Policy: Entitlements

The simple reason why doctors were overpaid billions for Medicare and Medicaid

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Watchdog,Health Care,Medicare and Medicaid,Entitlements,Inspectors General,Waste and Fraud,Follow the Money,HHS,Monica Perez

Doctors are too often using the wrong codes to bill Medicare and Medicaid for their services, and that's costing the government billions of dollars.

The Centers for Medicare and Medicaid Services spent $6.7 billion in 2010 for evaluation and management services claims that were wrongly coded or lacked required documentation, according to the inspector general of the Department of Health and Human Services. CMS is part of HHS.

The codes determine how much the government reimburses providers for their services — which vary from an emergency room visit to an inpatient hospital stay — and are based on the complexity of the physician’s work.

Professional coders, hired for the IG investigation, reviewed 657 records to determine if the claims were justified. They found that more than half were improperly coded or documented.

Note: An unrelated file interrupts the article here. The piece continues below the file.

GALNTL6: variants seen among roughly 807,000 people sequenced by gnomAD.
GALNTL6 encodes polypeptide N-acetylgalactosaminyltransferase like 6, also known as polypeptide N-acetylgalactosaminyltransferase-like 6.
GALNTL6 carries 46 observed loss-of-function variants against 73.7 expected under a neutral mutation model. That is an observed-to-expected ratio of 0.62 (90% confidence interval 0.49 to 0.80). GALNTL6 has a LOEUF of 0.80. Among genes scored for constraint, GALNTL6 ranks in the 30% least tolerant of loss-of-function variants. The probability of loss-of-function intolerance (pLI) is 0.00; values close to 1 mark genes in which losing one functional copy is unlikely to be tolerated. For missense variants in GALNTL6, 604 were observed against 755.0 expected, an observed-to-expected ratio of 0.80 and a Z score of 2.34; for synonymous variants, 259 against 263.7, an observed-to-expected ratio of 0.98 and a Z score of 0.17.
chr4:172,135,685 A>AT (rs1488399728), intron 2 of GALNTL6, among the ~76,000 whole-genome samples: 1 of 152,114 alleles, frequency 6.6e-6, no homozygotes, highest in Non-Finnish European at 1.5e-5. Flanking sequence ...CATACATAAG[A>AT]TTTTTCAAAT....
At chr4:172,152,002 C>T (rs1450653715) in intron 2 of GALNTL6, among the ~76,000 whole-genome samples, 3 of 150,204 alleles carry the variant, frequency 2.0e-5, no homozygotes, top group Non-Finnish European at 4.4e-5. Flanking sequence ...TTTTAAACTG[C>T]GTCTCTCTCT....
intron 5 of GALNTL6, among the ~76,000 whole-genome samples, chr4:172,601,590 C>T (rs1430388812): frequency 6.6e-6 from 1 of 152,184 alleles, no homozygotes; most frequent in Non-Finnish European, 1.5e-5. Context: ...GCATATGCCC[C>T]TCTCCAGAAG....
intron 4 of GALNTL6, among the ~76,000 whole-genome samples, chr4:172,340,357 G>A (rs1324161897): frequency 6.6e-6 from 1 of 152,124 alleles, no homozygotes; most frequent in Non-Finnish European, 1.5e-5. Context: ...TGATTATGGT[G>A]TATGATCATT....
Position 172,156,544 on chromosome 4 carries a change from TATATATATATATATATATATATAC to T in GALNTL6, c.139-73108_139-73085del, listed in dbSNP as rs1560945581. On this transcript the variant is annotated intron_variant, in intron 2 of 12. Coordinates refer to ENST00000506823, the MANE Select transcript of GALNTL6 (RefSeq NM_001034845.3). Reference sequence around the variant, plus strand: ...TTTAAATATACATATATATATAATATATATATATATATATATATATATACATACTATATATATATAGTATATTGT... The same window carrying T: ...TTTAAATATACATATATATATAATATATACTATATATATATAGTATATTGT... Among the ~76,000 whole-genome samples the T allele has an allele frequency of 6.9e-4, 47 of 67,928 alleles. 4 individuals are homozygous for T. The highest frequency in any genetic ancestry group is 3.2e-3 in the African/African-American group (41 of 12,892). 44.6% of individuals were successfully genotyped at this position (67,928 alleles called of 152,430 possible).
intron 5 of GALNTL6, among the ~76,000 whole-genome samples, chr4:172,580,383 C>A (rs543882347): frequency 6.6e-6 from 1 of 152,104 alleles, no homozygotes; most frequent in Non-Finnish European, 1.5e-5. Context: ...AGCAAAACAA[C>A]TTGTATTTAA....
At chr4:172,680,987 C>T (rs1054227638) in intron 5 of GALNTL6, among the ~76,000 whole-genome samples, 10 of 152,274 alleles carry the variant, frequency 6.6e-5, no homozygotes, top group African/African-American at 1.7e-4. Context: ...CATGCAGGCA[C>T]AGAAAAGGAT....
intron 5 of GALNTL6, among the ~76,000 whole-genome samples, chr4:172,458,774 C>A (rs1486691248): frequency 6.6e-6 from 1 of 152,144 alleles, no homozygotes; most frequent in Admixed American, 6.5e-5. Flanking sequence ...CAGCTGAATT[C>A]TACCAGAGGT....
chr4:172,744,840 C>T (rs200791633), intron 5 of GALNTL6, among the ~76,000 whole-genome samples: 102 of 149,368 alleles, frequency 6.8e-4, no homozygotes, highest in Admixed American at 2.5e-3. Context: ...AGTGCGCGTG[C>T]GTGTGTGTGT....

In most cases, physicians used the higher-paying codes that worked in their favor. In one sample, 21 cases of basic outpatient visits were coded higher than they should have been, while only seven were coded at the appropriate level or lower than they should have been.

The overpayments took up nearly a quarter of the $32.3 billion CMS budget for evaluation and marketing.

Despite a recommendation by the inspector general, CMS decided to stop claims-case reviews because the task costs more than it has uncovered in overpayments, the report said.

Medicare’s manual says "physicians are responsible for ensuring that the claims they submit to Medicare accurately reflect the [evaluation and management] services provided and the billing levels corresponding to those services."

The report stressed educating physicians on appropriate coding practices and documentation.

In 2012, more than 1,800 doctors were discovered to be exclusively billing at the most expensive level, according to a report by ProPublica, a watchdog journalism nonprofit.

The full IG report can be read here.

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Monica Perez

Special to the Examiner
The Washington Examiner